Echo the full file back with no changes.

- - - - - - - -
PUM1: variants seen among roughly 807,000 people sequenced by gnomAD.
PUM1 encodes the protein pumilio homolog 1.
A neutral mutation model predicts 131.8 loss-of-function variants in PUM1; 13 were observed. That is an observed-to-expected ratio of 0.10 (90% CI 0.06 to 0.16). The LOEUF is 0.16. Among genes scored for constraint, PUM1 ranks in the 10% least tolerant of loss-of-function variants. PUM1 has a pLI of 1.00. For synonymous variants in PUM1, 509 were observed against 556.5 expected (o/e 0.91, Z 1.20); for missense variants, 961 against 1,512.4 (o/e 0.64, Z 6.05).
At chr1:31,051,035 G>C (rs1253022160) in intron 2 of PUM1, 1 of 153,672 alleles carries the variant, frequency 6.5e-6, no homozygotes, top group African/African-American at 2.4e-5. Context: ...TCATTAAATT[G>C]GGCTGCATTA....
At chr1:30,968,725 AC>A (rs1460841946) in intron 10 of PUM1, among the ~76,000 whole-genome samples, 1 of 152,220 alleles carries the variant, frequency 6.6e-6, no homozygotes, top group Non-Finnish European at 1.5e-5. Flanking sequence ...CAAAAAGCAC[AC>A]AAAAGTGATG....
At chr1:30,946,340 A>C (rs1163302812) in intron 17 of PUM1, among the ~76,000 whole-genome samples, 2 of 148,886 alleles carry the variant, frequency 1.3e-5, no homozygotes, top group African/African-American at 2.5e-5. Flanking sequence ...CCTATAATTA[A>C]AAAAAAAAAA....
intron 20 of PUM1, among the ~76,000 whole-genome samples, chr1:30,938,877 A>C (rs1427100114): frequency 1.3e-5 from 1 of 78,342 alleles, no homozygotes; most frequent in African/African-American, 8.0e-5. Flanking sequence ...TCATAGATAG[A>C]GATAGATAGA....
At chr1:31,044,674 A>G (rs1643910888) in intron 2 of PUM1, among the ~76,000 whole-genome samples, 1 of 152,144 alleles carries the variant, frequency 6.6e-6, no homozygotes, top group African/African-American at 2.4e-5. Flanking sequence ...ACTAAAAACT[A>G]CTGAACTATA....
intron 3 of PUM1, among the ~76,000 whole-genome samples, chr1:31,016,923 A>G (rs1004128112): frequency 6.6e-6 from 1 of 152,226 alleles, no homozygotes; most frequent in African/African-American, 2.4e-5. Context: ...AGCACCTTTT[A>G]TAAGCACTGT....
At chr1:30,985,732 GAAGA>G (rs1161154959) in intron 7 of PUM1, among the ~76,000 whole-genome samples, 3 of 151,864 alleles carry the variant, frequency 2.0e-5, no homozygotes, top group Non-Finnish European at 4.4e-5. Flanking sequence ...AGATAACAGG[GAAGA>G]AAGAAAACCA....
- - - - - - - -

PUM1: variants seen among roughly 807,000 people sequenced by gnomAD.
PUM1 encodes the protein pumilio homolog 1.
A neutral mutation model predicts 131.8 loss-of-function variants in PUM1; 13 were observed. That is an observed-to-expected ratio of 0.10 (90% CI 0.06 to 0.16). The LOEUF is 0.16. Among genes scored for constraint, PUM1 ranks in the 10% least tolerant of loss-of-function variants. PUM1 has a pLI of 1.00. For synonymous variants in PUM1, 509 were observed against 556.5 expected (o/e 0.91, Z 1.20); for missense variants, 961 against 1,512.4 (o/e 0.64, Z 6.05).
At chr1:31,051,035 G>C (rs1253022160) in intron 2 of PUM1, 1 of 153,672 alleles carries the variant, frequency 6.5e-6, no homozygotes, top group African/African-American at 2.4e-5. Context: ...TCATTAAATT[G>C]GGCTGCATTA....
At chr1:30,968,725 AC>A (rs1460841946) in intron 10 of PUM1, among the ~76,000 whole-genome samples, 1 of 152,220 alleles carries the variant, frequency 6.6e-6, no homozygotes, top group Non-Finnish European at 1.5e-5. Flanking sequence ...CAAAAAGCAC[AC>A]AAAAGTGATG....
At chr1:30,946,340 A>C (rs1163302812) in intron 17 of PUM1, among the ~76,000 whole-genome samples, 2 of 148,886 alleles carry the variant, frequency 1.3e-5, no homozygotes, top group African/African-American at 2.5e-5. Flanking sequence ...CCTATAATTA[A>C]AAAAAAAAAA....
intron 20 of PUM1, among the ~76,000 whole-genome samples, chr1:30,938,877 A>C (rs1427100114): frequency 1.3e-5 from 1 of 78,342 alleles, no homozygotes; most frequent in African/African-American, 8.0e-5. Flanking sequence ...TCATAGATAG[A>C]GATAGATAGA....
At chr1:31,044,674 A>G (rs1643910888) in intron 2 of PUM1, among the ~76,000 whole-genome samples, 1 of 152,144 alleles carries the variant, frequency 6.6e-6, no homozygotes, top group African/African-American at 2.4e-5. Flanking sequence ...ACTAAAAACT[A>G]CTGAACTATA....
intron 3 of PUM1, among the ~76,000 whole-genome samples, chr1:31,016,923 A>G (rs1004128112): frequency 6.6e-6 from 1 of 152,226 alleles, no homozygotes; most frequent in African/African-American, 2.4e-5. Context: ...AGCACCTTTT[A>G]TAAGCACTGT....
At chr1:30,985,732 GAAGA>G (rs1161154959) in intron 7 of PUM1, among the ~76,000 whole-genome samples, 3 of 151,864 alleles carry the variant, frequency 2.0e-5, no homozygotes, top group Non-Finnish European at 4.4e-5. Flanking sequence ...AGATAACAGG[GAAGA>G]AAGAAAACCA....